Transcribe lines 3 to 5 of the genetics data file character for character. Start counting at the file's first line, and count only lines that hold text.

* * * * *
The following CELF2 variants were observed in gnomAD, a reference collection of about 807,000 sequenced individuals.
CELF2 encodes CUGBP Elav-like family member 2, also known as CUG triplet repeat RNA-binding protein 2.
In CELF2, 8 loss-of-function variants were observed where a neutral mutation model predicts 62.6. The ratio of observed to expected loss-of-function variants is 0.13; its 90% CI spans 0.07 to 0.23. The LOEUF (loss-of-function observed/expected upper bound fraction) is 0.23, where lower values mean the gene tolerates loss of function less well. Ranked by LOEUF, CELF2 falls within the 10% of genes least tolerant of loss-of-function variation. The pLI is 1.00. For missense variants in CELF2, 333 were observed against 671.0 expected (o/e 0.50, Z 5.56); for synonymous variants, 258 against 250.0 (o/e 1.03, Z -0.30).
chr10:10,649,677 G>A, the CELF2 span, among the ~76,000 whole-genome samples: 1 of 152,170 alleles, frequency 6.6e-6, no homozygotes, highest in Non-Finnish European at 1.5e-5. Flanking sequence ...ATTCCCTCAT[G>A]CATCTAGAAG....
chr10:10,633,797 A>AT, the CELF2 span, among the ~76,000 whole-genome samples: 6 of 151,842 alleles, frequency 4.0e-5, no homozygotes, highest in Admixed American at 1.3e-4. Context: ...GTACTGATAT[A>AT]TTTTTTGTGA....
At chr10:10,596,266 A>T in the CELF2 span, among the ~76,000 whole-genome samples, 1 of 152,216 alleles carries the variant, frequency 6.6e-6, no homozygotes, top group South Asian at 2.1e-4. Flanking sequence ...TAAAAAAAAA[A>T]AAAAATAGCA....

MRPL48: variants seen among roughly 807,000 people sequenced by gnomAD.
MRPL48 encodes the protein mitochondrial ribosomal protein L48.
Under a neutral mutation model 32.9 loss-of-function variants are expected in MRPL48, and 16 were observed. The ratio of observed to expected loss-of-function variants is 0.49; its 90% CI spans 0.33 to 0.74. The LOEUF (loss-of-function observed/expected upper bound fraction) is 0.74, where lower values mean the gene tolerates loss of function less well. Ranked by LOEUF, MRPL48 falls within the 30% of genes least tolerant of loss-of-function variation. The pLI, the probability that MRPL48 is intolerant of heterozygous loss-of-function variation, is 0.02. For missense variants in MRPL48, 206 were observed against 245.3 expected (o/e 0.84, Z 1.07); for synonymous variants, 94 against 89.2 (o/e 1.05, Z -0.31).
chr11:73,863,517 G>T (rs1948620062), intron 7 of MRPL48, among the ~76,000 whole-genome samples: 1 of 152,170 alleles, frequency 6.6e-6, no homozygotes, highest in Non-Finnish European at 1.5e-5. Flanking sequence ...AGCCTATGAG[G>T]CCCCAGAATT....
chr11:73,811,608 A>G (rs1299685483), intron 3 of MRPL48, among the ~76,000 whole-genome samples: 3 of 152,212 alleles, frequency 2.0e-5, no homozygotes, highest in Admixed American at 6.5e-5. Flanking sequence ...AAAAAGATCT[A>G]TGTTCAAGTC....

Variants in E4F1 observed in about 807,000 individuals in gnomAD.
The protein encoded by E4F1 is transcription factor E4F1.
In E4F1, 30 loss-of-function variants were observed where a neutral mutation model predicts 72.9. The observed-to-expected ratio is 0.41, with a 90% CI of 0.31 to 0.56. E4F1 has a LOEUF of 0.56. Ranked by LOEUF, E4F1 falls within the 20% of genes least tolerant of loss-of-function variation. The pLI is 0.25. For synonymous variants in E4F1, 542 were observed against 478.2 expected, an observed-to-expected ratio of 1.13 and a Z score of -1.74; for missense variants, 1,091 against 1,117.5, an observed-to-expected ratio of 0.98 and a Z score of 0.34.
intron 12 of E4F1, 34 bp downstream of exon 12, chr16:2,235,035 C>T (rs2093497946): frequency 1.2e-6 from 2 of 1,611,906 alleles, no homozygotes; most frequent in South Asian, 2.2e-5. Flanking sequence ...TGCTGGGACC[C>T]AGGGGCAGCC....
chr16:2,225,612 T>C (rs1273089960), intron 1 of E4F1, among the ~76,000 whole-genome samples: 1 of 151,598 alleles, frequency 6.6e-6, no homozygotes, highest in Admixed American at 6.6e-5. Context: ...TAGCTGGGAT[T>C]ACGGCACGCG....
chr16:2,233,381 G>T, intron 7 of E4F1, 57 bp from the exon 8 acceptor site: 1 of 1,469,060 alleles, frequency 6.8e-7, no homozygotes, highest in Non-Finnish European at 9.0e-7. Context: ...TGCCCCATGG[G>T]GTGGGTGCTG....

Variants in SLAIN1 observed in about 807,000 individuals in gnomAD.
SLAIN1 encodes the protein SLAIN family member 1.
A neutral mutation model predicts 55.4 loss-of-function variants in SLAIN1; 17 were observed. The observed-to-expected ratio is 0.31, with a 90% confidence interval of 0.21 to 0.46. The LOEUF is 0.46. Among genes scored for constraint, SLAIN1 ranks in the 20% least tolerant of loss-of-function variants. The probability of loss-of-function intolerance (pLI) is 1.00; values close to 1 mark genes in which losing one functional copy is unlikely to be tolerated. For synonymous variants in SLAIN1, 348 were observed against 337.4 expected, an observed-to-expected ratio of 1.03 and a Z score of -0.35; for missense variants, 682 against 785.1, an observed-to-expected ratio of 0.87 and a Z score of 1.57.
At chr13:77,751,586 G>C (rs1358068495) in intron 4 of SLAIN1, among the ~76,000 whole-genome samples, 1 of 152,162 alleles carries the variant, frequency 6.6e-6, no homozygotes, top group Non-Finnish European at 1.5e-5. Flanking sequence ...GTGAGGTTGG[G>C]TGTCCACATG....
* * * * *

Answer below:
In CELF2, 8 loss-of-function variants were observed where a neutral mutation model predicts 62.6. The ratio of observed to expected loss-of-function variants is 0.13; its 90% CI spans 0.07 to 0.23. The LOEUF (loss-of-function observed/expected upper bound fraction) is 0.23, where lower values mean the gene tolerates loss of function less well. Ranked by LOEUF, CELF2 falls within the 10% of genes least tolerant of loss-of-function variation. The pLI is 1.00. For missense variants in CELF2, 333 were observed against 671.0 expected (o/e 0.50, Z 5.56); for synonymous variants, 258 against 250.0 (o/e 1.03, Z -0.30).
chr10:10,649,677 G>A, the CELF2 span, among the ~76,000 whole-genome samples: 1 of 152,170 alleles, frequency 6.6e-6, no homozygotes, highest in Non-Finnish European at 1.5e-5. Flanking sequence ...ATTCCCTCAT[G>A]CATCTAGAAG....
chr10:10,633,797 A>AT, the CELF2 span, among the ~76,000 whole-genome samples: 6 of 151,842 alleles, frequency 4.0e-5, no homozygotes, highest in Admixed American at 1.3e-4. Context: ...GTACTGATAT[A>AT]TTTTTTGTGA....